Ten Americans: After Paul Klee will be on view between the 3rd of February and the 6th of May, 2018 at The Phillips Collection in Washington, D.C., United States.

We’ll now take a look at the artworks The Phillips Collection decided to include in the Ten Americans: After Paul Klee, ten paintings that were made by artists who were evidently influenced by creative norms Paul Klee put into place on the other side of the Atlantic.

Featured image: Paul Klee – Young Moe (detail), 1938. Colored paste on newspaper on burlap, 20 7/8 x27 5/8 in. The Phillips Collection, Washington, DC, Acquired 1948. All images courtesy of The Phillips Collection.

  • Kenneth Noland - In the Garden, 1952

Kenneth Noland - In the Garden, 1952

In the Garden perfectly reflects the pervasive influence of Paul Klee’s late style on Kenneth Noland. The painter of this piece had first become aware of Klee in 1948 while he was a student at Black Mountain College. This appreciation was strengthened even more when Noland moved to Washington, D.C., where he began to study Klee’s works in The Phillips Collection’s Klee Room. In the Garden depicts a girl among motifs that evoke a playground, with signs and symbols reminiscent of Klee placed across the surface of the painting.

Featured image: Kenneth Noland – In the Garden, 1952. Oil on hardboard, 19 1/2 x 30 in. The Phillips Collection, Washington, DC, Acquired 1952 © Estate of Kenneth Noland/Licensed by VAGA, New York, NY

  • Theodoros Stamos - Sacrifice of Kronos No. 2, 1948

Theodoros Stamos - The Sacrifice of Kronos No. 2, 1948

The Sacrifice of Kronos, No. 2 reveals a gripping scene of Cronus devouring the rock on a terracotta-colored field placed against a background of unnaturally intense blue highlighted with fluorescent greens. Theodoros Stamos created this piece of art at a time he and his contemporaries were endeavoring the “create the myth of their own time” idea. Although the drama and terror of the story do not reflect it, The Sacrifice of Kronos, No. 2 Stamos’ visual solutions evidently pay homage to Klee’ paintings.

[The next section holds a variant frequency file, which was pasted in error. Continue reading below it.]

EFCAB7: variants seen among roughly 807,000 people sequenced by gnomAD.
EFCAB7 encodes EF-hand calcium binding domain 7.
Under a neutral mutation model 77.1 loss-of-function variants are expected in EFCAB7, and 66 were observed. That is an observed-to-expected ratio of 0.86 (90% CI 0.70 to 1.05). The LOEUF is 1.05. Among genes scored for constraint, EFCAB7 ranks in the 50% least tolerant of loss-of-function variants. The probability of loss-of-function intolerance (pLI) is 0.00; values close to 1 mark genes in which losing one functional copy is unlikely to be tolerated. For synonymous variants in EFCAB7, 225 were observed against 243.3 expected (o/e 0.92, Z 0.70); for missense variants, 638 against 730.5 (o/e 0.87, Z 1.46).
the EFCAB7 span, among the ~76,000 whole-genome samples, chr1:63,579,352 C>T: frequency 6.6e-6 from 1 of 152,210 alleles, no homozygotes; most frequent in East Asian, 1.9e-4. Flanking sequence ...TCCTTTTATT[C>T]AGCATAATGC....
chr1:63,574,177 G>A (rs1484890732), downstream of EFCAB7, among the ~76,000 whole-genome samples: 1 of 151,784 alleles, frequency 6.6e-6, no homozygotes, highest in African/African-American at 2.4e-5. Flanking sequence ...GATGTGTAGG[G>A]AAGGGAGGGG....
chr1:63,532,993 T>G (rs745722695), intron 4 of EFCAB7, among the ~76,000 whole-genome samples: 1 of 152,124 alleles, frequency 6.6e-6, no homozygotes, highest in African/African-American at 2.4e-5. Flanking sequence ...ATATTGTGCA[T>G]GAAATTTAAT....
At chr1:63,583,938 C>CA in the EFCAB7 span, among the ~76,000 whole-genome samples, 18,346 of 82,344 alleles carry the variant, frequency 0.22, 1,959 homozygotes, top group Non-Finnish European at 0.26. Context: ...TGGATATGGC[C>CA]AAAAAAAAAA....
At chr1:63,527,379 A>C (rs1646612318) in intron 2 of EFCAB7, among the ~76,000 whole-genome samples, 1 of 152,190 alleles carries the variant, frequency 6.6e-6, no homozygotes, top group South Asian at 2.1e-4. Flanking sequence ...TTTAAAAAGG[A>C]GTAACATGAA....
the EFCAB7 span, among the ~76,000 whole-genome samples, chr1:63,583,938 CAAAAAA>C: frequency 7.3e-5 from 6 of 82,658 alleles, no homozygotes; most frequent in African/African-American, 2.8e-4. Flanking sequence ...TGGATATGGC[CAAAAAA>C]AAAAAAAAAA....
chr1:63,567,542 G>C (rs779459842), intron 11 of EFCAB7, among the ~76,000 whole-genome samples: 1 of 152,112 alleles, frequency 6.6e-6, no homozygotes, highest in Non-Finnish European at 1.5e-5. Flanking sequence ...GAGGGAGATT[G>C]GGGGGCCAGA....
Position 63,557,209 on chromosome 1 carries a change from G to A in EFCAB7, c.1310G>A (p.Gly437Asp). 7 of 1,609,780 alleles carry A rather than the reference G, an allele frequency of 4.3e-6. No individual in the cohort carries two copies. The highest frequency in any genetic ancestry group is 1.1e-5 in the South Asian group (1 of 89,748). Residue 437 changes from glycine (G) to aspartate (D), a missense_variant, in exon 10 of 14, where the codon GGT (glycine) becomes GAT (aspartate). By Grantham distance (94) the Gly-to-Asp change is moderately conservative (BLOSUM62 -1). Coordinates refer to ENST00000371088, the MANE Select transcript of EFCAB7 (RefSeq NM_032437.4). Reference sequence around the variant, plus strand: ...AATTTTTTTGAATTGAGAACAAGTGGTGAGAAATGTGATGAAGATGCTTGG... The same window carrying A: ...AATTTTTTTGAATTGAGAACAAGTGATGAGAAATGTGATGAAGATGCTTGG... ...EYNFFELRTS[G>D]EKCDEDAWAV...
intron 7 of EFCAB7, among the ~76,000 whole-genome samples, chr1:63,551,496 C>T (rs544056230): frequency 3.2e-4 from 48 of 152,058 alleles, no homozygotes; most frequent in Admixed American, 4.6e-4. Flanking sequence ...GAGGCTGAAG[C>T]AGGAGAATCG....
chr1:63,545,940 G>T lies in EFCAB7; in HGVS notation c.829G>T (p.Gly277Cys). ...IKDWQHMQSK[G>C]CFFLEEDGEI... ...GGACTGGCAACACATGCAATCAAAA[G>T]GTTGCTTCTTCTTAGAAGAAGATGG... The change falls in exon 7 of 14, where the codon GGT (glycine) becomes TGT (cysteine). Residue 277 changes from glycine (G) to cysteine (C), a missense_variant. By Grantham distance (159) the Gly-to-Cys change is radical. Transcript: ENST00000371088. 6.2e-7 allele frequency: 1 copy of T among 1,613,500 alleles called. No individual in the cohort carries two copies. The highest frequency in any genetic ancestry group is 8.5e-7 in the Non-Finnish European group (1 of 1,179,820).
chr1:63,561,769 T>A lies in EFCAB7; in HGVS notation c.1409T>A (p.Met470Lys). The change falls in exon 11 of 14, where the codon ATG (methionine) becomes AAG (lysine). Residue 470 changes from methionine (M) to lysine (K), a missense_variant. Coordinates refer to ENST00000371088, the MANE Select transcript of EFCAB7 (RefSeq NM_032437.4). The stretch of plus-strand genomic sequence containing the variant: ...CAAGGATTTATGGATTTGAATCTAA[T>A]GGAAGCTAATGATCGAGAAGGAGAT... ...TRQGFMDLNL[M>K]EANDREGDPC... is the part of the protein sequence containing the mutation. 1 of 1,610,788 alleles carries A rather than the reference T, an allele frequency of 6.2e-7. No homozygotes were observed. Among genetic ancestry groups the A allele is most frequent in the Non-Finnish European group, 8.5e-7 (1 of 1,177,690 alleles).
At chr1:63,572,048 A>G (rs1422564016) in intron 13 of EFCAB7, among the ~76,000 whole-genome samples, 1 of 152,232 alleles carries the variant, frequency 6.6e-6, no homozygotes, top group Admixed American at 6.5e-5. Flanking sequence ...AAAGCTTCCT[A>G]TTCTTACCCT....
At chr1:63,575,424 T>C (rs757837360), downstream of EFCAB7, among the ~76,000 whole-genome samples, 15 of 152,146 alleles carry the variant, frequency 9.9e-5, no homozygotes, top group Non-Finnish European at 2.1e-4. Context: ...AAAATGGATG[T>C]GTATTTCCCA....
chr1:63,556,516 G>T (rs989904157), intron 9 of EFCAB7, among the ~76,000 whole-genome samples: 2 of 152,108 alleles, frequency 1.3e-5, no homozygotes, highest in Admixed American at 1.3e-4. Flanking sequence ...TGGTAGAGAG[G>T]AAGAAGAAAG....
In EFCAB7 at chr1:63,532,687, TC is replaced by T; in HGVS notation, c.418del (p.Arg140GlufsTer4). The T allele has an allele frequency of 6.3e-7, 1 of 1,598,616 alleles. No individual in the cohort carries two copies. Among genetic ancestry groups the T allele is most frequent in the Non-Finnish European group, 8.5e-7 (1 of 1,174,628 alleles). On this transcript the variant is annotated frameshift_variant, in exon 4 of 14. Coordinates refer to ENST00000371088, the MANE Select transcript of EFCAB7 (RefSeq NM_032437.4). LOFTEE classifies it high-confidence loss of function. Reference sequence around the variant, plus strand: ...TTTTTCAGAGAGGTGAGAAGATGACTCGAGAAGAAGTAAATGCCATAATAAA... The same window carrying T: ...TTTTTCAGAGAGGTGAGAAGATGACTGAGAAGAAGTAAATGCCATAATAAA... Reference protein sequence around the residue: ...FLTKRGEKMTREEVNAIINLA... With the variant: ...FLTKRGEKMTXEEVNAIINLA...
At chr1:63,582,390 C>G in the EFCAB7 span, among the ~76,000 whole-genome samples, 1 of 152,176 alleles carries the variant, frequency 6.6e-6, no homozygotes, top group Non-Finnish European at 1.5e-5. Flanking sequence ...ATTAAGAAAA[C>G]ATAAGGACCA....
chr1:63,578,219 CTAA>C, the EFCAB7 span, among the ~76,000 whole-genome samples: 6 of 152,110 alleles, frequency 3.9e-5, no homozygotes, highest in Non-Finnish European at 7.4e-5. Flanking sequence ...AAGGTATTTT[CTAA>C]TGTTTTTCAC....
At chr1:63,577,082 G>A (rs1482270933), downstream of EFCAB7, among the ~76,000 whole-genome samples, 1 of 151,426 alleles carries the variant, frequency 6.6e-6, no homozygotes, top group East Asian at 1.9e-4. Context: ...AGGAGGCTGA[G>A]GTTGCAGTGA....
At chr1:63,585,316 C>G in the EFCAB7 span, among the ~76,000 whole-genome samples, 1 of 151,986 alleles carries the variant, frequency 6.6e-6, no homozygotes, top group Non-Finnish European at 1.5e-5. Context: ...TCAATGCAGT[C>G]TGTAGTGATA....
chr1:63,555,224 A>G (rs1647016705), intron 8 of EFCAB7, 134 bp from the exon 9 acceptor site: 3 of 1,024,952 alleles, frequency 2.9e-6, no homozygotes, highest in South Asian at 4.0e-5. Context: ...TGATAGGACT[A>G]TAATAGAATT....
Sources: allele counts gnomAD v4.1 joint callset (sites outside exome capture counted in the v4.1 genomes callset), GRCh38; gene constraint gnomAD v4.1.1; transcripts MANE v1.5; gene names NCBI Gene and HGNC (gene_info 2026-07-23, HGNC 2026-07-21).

Featured image: Theodoros Stamos – The Sacrifice of Kronos, No. 2, 1948, Oil on hardboard, 48 x 36 in. The Phillips Collection, Washington, DC, Acquired 1949 © Estate of Theodoros Stamos, New York

  • Mark Tobey - Night Flight, 1956

Mark Tobey - Night Flight, 1956

The ultimate goal of the abstract painter Mark Tobey was to represent the mystical through art. Inspired by long travels, Eastern religion, Arabic calligraphy, classical music and the emerging modes of Abstract Expressionism, Tobey eventually created a unique visual language of all-over painting and gestural abstraction, one that Night Flight perfectly illustrates. Paul’s influence on this piece is evident in its specific use of abstraction that features marks and symbols atop an abstract field composed of thousands of densely interwoven brushstrokes.

Featured image: Mark Tobey – Night Flight, 1956, Tempera on cardboard, 11 7/8 x 9 in., Fondation Beyeler, Riehen/Basel, Beyeler Collection © Artists Rights Society (ARS), New York

  • William Baziotes - Pierrot, 1947

William Baziotes - Pierrot, 1947

William Baziotes was a New York-based painter whose lyrical, borderline mysterious works relied heavily on subject matter derived from biomorphism and Symbolist poetry. An integral part of the Abstract Expressionist circle, Baziotes was heavily influenced by Klee’s indirect teachings as the Swiss’ abstracted forms played an evident role in William’s development of a visual vocabulary that allowed him to evoke particular moods and dream-like states. Pierrot, a painting William Baziotes executed in 1947, perfectly demonstrates the similarities between the two artists’ styles.

Featured image: William Baziotes – Pierrot, 1947, Oil on canvas, 42 1/8 x 36 in. National Gallery of Art, Washington, DC, Ailsa Mellon Bruce Fund, 1984 © Estate of William Baziotes

  • Gene Davis - Black Flowers, 1952

Gene Davis - Black Flowers, 1952

Gene Davis was an important part of the first generation of Washington’s color field artists. Like the majority of the Washington Color School‘s members, he as well considered color to be a primary element in painting, which is certainly the biggest impact Klee’s theories had on the way Davis saw visual arts. Gene’s signature vertical stripe compositions started to arise in 1952 with his Black Flowers that saw the artist start to experiment with color relationships.